Call for Tutorials

Important dates
•    Tutorial proposals due: June 27, 2016
•    Notification of acceptance: July 28, 2016
•    Tutorial slides due: September 28, 2016

Approved Tutorials

Tutorial 1: Identity related threats, vulnerabilities, and risk mitigation in online social networks Privacy in OSN

Organizer: Dr. Leila Bahri, University of Insubria in Italy.
Abstract: Identity management in the realms of Online Social Networks (OSNs) is one of the most critical elements in discussing their security. The ability to reliably identify a profile on an OSN is the first building block towards ensuring the protection of both the users (and their data), and the OSN provider's resources and reputation. Unfortunately, this ability is not easily achieved, and/or is not provided in today's major OSNs. The looseness in obtaining a digital identity (i.e., a profile) on an OSN, where only a valid email account is required, facilitates their joining as open socializing platforms, but also makes them exposed to identity related attacks and threats. As a matter of fact, the percentage of fake accounts existing in today's major OSNs is continuously increasing regardless of the efforts put into detecting them, and is reported to have increased from 5.5% in 2012 to about 12% in 2015 on Facebook (according to Statisticbrain.com website).
There is a huge body of work in the area of detecting fake accounts in OSNs, mostly under the research topic known as Sybil detection. However, Sybil accounts are getting more sophisticated and are moving towards getting social: Sybil accounts target misleading as many honest users as possible into befriending them, gaining as such their trust in the network and looking as good profiles to detection mechanisms. Moreover, when Sybils succeed at befriending honest users, the privacy of these latters is at stake as personal information that is supposed to be shared with real friends becomes available to fake entities that might have malicious intentions (such as spreading malware, engaging in sexual embarrassment or child abuse activities, etc.).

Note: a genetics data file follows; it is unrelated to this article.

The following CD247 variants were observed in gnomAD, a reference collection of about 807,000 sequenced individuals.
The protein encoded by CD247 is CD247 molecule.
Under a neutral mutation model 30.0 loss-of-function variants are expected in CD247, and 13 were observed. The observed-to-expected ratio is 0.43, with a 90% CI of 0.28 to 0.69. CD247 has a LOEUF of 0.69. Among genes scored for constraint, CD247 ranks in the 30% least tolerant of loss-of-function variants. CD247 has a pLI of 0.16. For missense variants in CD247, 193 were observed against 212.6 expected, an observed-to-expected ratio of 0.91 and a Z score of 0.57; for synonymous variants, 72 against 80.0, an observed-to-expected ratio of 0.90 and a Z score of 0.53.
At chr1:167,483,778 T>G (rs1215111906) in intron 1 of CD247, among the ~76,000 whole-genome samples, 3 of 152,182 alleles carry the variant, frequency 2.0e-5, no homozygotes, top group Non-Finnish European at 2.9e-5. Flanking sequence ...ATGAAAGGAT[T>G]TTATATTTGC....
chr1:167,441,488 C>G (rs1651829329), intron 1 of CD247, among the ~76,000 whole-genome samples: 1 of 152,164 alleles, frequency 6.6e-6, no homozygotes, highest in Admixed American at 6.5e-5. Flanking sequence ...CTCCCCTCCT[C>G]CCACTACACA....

This tutorial is meant to initiate the audience to the topic of Sybil detection and identity related threats and concerns in OSNs. A synthesis of the related literature will shed the light on the main adopted techniques and on the main challenges facing this research field. The main focus would be on user-centric and community-sourced identity validation techniques, as a promising approach to face the social Sybil threats. The main goal would be to open new research directions and questions under this important area.        
Biography: Leila Bahri has been a Marie-Curie research fellow under the European Commission funded project iSocial, where she has worked on designing privacy preserving services and access control models for decentralized online social networks. Her main research work during her PhD was on decentralized privacy preserving services for online social networks, mostly as related to identity management and validation in a user-centric and community-sourced fashions.
After holding the position of an associate research fellow at a privacy security and trust lab at the university of Insubria in Italy, she is preparing to move to the city of Istanbul, where she will be pursuing a post-doc research position at the Cryprography, Security and Trust lab at Ko University. Her research interests are on privacy and trust in the social web and her current work is on accountable, transparent, and user-centric social computing. She has collaborated with other research groups mostly from KTH University in Stockholm/Sweden, and from the University of Texas at Dallas in the USA.   

Tutorial 2: Using the Cloud for Teaching and Research

Organizer: Dr. Khaled Salah, Khalifa University of Science, Technology and Research, EAU.